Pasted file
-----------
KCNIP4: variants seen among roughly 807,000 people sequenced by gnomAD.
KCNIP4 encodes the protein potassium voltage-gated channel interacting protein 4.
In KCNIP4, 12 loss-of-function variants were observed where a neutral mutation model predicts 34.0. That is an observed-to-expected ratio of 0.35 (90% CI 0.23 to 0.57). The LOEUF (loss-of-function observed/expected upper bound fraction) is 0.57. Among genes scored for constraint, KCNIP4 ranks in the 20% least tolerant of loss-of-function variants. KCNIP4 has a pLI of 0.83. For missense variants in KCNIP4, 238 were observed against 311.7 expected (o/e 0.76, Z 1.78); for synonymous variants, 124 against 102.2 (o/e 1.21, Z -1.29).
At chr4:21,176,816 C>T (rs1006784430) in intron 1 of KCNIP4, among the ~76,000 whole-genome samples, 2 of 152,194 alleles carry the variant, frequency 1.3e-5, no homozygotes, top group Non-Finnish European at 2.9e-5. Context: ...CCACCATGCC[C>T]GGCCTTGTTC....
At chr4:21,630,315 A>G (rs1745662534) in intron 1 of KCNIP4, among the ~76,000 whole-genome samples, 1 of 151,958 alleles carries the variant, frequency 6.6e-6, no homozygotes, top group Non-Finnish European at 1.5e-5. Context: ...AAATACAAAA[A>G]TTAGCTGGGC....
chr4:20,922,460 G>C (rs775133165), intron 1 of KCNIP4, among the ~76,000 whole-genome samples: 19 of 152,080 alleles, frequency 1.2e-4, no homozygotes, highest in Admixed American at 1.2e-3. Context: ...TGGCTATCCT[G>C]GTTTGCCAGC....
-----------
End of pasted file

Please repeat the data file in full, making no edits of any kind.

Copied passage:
KCNIP4: variants seen among roughly 807,000 people sequenced by gnomAD.
KCNIP4 encodes the protein potassium voltage-gated channel interacting protein 4.
In KCNIP4, 12 loss-of-function variants were observed where a neutral mutation model predicts 34.0. That is an observed-to-expected ratio of 0.35 (90% CI 0.23 to 0.57). The LOEUF (loss-of-function observed/expected upper bound fraction) is 0.57. Among genes scored for constraint, KCNIP4 ranks in the 20% least tolerant of loss-of-function variants. KCNIP4 has a pLI of 0.83. For missense variants in KCNIP4, 238 were observed against 311.7 expected (o/e 0.76, Z 1.78); for synonymous variants, 124 against 102.2 (o/e 1.21, Z -1.29).
At chr4:21,176,816 C>T (rs1006784430) in intron 1 of KCNIP4, among the ~76,000 whole-genome samples, 2 of 152,194 alleles carry the variant, frequency 1.3e-5, no homozygotes, top group Non-Finnish European at 2.9e-5. Context: ...CCACCATGCC[C>T]GGCCTTGTTC....
At chr4:21,630,315 A>G (rs1745662534) in intron 1 of KCNIP4, among the ~76,000 whole-genome samples, 1 of 151,958 alleles carries the variant, frequency 6.6e-6, no homozygotes, top group Non-Finnish European at 1.5e-5. Context: ...AAATACAAAA[A>G]TTAGCTGGGC....
chr4:20,922,460 G>C (rs775133165), intron 1 of KCNIP4, among the ~76,000 whole-genome samples: 19 of 152,080 alleles, frequency 1.2e-4, no homozygotes, highest in Admixed American at 1.2e-3. Context: ...TGGCTATCCT[G>C]GTTTGCCAGC....